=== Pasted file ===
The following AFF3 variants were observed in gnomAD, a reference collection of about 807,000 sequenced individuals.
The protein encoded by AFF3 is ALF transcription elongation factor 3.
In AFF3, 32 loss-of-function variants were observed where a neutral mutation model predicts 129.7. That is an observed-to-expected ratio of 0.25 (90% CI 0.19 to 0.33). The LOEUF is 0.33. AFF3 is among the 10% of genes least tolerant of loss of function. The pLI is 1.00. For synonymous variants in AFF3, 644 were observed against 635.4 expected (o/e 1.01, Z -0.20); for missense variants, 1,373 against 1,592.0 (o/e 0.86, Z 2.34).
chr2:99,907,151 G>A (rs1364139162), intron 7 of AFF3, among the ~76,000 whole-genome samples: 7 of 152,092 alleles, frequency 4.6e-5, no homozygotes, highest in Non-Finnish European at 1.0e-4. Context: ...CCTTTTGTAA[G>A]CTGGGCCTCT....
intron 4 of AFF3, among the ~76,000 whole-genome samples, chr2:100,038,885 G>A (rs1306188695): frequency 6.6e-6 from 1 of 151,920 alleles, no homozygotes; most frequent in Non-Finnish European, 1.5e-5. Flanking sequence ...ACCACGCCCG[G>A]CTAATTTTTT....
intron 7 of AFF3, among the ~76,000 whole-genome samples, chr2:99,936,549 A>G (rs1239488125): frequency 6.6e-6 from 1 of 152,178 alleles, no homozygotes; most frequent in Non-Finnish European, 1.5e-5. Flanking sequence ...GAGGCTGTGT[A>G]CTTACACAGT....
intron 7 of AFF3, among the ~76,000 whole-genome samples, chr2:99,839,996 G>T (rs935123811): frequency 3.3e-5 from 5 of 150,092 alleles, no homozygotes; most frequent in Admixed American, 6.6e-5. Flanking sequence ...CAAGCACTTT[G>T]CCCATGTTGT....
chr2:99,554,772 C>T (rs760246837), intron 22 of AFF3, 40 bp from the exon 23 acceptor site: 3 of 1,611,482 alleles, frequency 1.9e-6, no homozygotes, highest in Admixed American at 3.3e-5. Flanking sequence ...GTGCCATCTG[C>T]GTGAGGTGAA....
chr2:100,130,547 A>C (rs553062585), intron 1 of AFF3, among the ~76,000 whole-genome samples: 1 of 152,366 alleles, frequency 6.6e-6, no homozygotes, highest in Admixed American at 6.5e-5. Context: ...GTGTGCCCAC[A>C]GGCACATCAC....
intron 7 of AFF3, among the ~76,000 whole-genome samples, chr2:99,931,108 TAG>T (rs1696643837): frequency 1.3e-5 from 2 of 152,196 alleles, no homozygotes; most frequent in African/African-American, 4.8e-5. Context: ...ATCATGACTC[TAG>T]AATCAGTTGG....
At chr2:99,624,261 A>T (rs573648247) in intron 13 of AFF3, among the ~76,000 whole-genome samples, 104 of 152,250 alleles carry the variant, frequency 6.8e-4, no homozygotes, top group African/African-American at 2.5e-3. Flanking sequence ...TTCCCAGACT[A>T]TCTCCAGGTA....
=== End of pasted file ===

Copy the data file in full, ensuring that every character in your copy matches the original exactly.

The following AFF3 variants were observed in gnomAD, a reference collection of about 807,000 sequenced individuals.
The protein encoded by AFF3 is ALF transcription elongation factor 3.
In AFF3, 32 loss-of-function variants were observed where a neutral mutation model predicts 129.7. That is an observed-to-expected ratio of 0.25 (90% CI 0.19 to 0.33). The LOEUF is 0.33. AFF3 is among the 10% of genes least tolerant of loss of function. The pLI is 1.00. For synonymous variants in AFF3, 644 were observed against 635.4 expected (o/e 1.01, Z -0.20); for missense variants, 1,373 against 1,592.0 (o/e 0.86, Z 2.34).
chr2:99,907,151 G>A (rs1364139162), intron 7 of AFF3, among the ~76,000 whole-genome samples: 7 of 152,092 alleles, frequency 4.6e-5, no homozygotes, highest in Non-Finnish European at 1.0e-4. Context: ...CCTTTTGTAA[G>A]CTGGGCCTCT....
intron 4 of AFF3, among the ~76,000 whole-genome samples, chr2:100,038,885 G>A (rs1306188695): frequency 6.6e-6 from 1 of 151,920 alleles, no homozygotes; most frequent in Non-Finnish European, 1.5e-5. Flanking sequence ...ACCACGCCCG[G>A]CTAATTTTTT....
intron 7 of AFF3, among the ~76,000 whole-genome samples, chr2:99,936,549 A>G (rs1239488125): frequency 6.6e-6 from 1 of 152,178 alleles, no homozygotes; most frequent in Non-Finnish European, 1.5e-5. Flanking sequence ...GAGGCTGTGT[A>G]CTTACACAGT....
intron 7 of AFF3, among the ~76,000 whole-genome samples, chr2:99,839,996 G>T (rs935123811): frequency 3.3e-5 from 5 of 150,092 alleles, no homozygotes; most frequent in Admixed American, 6.6e-5. Flanking sequence ...CAAGCACTTT[G>T]CCCATGTTGT....
chr2:99,554,772 C>T (rs760246837), intron 22 of AFF3, 40 bp from the exon 23 acceptor site: 3 of 1,611,482 alleles, frequency 1.9e-6, no homozygotes, highest in Admixed American at 3.3e-5. Flanking sequence ...GTGCCATCTG[C>T]GTGAGGTGAA....
chr2:100,130,547 A>C (rs553062585), intron 1 of AFF3, among the ~76,000 whole-genome samples: 1 of 152,366 alleles, frequency 6.6e-6, no homozygotes, highest in Admixed American at 6.5e-5. Context: ...GTGTGCCCAC[A>C]GGCACATCAC....
intron 7 of AFF3, among the ~76,000 whole-genome samples, chr2:99,931,108 TAG>T (rs1696643837): frequency 1.3e-5 from 2 of 152,196 alleles, no homozygotes; most frequent in African/African-American, 4.8e-5. Context: ...ATCATGACTC[TAG>T]AATCAGTTGG....
At chr2:99,624,261 A>T (rs573648247) in intron 13 of AFF3, among the ~76,000 whole-genome samples, 104 of 152,250 alleles carry the variant, frequency 6.8e-4, no homozygotes, top group African/African-American at 2.5e-3. Flanking sequence ...TTCCCAGACT[A>T]TCTCCAGGTA....